Future leaders, exemplified by Halo’s owners, must adapt and innovate to flourish. And so in this new masters course we have identified the skills and training that are often lacking and therefore stunting the successful growth of technologies and processes – such as with remanufacture, an industry estimated to be worth £5.6 billion, and core to the circular economy. When leading circular economist Walter Stahel came and spoke at Cranfield in November, he reminded us at the end of his keynote that “Real wealth should be based on use, not ownership.” It seems so obvious when someone like Walter explains it, but we need a new generation of industry leaders who can cooperate and innovate across teams, businesses and sectors to embed that kind of new thinking into our national and international industries.
And the way to achieve that is to start with an integrated learning environment, where experts from different sectors work collaboratively. At Cranfield, the old style of education is gone, where professors sit in ivory towers and reluctantly engage with other experts. Instead designers, engineers and specialists from manufacturing, design, materials and environmental sciences work and learn together with our academic staff to think about and to solve real-world problems.
Students benefit greatly from learning in this environment, not just becoming experts in the concepts and practices of the circular economy, but picking up practical skills from networking to cross-discipline problem-solving. In our new Msc we’ll be equipping industrial professionals with technological knowledge, system-level understanding and personal competency to design, evaluate and implement transformational CE solutions for their organisations.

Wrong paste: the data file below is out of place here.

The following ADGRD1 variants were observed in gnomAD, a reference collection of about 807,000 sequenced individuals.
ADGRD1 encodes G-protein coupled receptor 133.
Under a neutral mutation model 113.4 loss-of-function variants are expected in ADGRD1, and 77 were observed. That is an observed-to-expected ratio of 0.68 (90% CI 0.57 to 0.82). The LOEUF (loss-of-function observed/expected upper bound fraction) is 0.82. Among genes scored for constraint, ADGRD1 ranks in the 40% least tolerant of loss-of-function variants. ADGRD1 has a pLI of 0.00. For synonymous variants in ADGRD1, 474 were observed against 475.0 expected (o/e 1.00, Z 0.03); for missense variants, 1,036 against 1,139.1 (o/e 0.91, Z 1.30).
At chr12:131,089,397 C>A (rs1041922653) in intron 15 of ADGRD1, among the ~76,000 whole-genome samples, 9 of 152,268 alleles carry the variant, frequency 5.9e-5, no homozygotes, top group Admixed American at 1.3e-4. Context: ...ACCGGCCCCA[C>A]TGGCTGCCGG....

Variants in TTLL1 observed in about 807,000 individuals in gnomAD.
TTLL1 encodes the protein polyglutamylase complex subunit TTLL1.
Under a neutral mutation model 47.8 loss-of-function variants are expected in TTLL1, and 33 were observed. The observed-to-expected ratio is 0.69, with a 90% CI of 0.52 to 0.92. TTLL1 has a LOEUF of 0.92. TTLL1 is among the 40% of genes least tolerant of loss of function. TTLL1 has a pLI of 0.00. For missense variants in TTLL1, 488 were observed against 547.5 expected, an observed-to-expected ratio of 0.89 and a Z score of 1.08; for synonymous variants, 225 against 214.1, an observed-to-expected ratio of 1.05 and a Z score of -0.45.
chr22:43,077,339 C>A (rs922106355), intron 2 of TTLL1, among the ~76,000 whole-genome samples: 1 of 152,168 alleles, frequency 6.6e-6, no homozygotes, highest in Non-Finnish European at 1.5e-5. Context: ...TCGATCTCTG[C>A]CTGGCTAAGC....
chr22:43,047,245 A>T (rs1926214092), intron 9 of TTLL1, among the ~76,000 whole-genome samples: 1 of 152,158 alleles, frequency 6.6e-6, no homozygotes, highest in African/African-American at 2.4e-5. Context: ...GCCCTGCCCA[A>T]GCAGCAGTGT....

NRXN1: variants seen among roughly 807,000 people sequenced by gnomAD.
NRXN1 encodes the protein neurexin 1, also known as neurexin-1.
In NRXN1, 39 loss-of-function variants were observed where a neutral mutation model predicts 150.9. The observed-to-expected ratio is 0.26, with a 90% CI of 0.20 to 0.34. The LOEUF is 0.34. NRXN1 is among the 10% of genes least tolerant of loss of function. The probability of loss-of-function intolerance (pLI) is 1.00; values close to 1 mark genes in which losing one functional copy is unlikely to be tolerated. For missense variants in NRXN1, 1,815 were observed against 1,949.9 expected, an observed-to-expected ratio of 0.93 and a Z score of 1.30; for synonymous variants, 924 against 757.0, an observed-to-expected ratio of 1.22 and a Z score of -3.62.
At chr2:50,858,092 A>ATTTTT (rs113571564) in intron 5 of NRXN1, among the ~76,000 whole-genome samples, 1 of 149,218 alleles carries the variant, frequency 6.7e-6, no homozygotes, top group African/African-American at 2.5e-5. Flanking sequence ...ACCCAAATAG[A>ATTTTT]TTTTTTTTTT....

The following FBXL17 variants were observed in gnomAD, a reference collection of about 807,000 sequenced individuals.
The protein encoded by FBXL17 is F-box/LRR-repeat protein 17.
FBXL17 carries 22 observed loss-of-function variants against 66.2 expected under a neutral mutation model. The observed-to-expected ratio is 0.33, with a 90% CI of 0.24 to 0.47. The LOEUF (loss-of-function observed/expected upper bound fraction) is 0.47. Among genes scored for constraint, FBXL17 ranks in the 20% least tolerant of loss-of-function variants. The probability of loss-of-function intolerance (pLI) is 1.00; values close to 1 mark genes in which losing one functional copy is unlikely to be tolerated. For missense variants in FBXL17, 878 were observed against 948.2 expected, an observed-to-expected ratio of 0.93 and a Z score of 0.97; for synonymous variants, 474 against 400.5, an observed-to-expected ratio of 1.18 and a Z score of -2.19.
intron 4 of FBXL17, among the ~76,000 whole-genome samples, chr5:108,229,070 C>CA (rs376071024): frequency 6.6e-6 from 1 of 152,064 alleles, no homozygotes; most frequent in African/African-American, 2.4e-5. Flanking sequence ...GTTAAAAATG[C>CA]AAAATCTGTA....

“Big ideas don’t simply pop up in a vacuum, and when real system-changing perspectives meet the right context, the resulting wave of transformation can seldom be resisted” said Ken Webster, Head of Innovation at the Ellen MacArthur Foundation, and contributor and guest lecturer to the new circular economy MSc at Cranfield. This is the environment Cranfield is creating, and transformations are already happening.
But don’t just take our word for it. “CUBIC has really helped our business move forward,” Halo Coffee’s co-founder Richard Hardwick said. “There is a great sharing of knowledge and skills among tenants and the close access to the university resources and local enterprise initiatives opens doors to funding and opportunities.”
Cranfield’s Technology Innovation and Management for a Circular Economy MSc is a world’s first, but more importantly, it will give current and future leaders the opportunity to deliver the big ideas that will drive their businesses and organisations to succeed in uncertain and troubling times.
Find out more about the course…
 Moving away from the “take, make and dispose”, the circular economy is restorative and regenerative by design and relies on system-wide innovation, to redefine products and services and to design waste out.